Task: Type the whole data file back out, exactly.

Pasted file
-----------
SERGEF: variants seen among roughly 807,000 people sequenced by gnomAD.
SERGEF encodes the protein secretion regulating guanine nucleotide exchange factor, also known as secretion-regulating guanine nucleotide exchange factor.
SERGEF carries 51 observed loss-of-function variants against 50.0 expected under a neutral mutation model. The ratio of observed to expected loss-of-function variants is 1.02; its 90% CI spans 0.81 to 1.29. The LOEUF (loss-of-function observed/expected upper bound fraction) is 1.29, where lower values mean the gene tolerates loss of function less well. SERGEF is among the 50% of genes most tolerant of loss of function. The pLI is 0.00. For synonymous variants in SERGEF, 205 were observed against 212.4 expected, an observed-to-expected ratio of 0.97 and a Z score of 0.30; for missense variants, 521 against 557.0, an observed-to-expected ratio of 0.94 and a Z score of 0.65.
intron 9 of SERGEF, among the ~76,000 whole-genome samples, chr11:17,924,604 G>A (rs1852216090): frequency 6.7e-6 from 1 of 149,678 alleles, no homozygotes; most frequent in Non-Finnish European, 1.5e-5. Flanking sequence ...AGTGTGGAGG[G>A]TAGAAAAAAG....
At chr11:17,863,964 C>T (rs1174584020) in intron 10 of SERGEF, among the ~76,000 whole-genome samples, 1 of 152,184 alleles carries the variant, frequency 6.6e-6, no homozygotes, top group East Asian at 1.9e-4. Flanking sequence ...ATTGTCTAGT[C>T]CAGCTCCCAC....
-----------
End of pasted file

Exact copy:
SERGEF: variants seen among roughly 807,000 people sequenced by gnomAD.
SERGEF encodes the protein secretion regulating guanine nucleotide exchange factor, also known as secretion-regulating guanine nucleotide exchange factor.
SERGEF carries 51 observed loss-of-function variants against 50.0 expected under a neutral mutation model. The ratio of observed to expected loss-of-function variants is 1.02; its 90% CI spans 0.81 to 1.29. The LOEUF (loss-of-function observed/expected upper bound fraction) is 1.29, where lower values mean the gene tolerates loss of function less well. SERGEF is among the 50% of genes most tolerant of loss of function. The pLI is 0.00. For synonymous variants in SERGEF, 205 were observed against 212.4 expected, an observed-to-expected ratio of 0.97 and a Z score of 0.30; for missense variants, 521 against 557.0, an observed-to-expected ratio of 0.94 and a Z score of 0.65.
intron 9 of SERGEF, among the ~76,000 whole-genome samples, chr11:17,924,604 G>A (rs1852216090): frequency 6.7e-6 from 1 of 149,678 alleles, no homozygotes; most frequent in Non-Finnish European, 1.5e-5. Flanking sequence ...AGTGTGGAGG[G>A]TAGAAAAAAG....
At chr11:17,863,964 C>T (rs1174584020) in intron 10 of SERGEF, among the ~76,000 whole-genome samples, 1 of 152,184 alleles carries the variant, frequency 6.6e-6, no homozygotes, top group East Asian at 1.9e-4. Flanking sequence ...ATTGTCTAGT[C>T]CAGCTCCCAC....